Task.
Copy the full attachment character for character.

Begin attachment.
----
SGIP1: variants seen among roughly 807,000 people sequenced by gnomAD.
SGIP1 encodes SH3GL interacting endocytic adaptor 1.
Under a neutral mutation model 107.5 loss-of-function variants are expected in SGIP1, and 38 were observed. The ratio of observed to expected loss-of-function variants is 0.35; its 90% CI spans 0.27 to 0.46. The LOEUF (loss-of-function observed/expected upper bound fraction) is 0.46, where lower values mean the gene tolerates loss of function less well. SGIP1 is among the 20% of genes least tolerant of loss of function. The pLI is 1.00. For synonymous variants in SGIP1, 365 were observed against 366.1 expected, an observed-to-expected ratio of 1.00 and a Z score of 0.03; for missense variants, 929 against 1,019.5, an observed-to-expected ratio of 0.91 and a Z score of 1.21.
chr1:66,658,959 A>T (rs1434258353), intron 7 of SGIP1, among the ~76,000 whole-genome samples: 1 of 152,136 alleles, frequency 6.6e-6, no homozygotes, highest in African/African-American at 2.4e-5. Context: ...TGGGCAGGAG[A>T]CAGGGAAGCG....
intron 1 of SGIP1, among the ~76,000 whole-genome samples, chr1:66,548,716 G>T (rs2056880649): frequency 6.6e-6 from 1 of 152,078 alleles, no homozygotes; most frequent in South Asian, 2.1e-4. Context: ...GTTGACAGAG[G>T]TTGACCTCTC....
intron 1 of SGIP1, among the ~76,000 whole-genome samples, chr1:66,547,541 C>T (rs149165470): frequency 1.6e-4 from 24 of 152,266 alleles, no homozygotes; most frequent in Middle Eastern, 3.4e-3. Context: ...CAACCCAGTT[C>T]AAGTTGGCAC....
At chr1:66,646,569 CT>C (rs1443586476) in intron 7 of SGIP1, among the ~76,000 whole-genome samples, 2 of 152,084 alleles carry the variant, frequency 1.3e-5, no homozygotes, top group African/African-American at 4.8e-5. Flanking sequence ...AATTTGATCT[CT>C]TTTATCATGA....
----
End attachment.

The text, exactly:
SGIP1: variants seen among roughly 807,000 people sequenced by gnomAD.
SGIP1 encodes SH3GL interacting endocytic adaptor 1.
Under a neutral mutation model 107.5 loss-of-function variants are expected in SGIP1, and 38 were observed. The ratio of observed to expected loss-of-function variants is 0.35; its 90% CI spans 0.27 to 0.46. The LOEUF (loss-of-function observed/expected upper bound fraction) is 0.46, where lower values mean the gene tolerates loss of function less well. SGIP1 is among the 20% of genes least tolerant of loss of function. The pLI is 1.00. For synonymous variants in SGIP1, 365 were observed against 366.1 expected, an observed-to-expected ratio of 1.00 and a Z score of 0.03; for missense variants, 929 against 1,019.5, an observed-to-expected ratio of 0.91 and a Z score of 1.21.
chr1:66,658,959 A>T (rs1434258353), intron 7 of SGIP1, among the ~76,000 whole-genome samples: 1 of 152,136 alleles, frequency 6.6e-6, no homozygotes, highest in African/African-American at 2.4e-5. Context: ...TGGGCAGGAG[A>T]CAGGGAAGCG....
intron 1 of SGIP1, among the ~76,000 whole-genome samples, chr1:66,548,716 G>T (rs2056880649): frequency 6.6e-6 from 1 of 152,078 alleles, no homozygotes; most frequent in South Asian, 2.1e-4. Context: ...GTTGACAGAG[G>T]TTGACCTCTC....
intron 1 of SGIP1, among the ~76,000 whole-genome samples, chr1:66,547,541 C>T (rs149165470): frequency 1.6e-4 from 24 of 152,266 alleles, no homozygotes; most frequent in Middle Eastern, 3.4e-3. Context: ...CAACCCAGTT[C>T]AAGTTGGCAC....
At chr1:66,646,569 CT>C (rs1443586476) in intron 7 of SGIP1, among the ~76,000 whole-genome samples, 2 of 152,084 alleles carry the variant, frequency 1.3e-5, no homozygotes, top group African/African-American at 4.8e-5. Flanking sequence ...AATTTGATCT[CT>C]TTTATCATGA....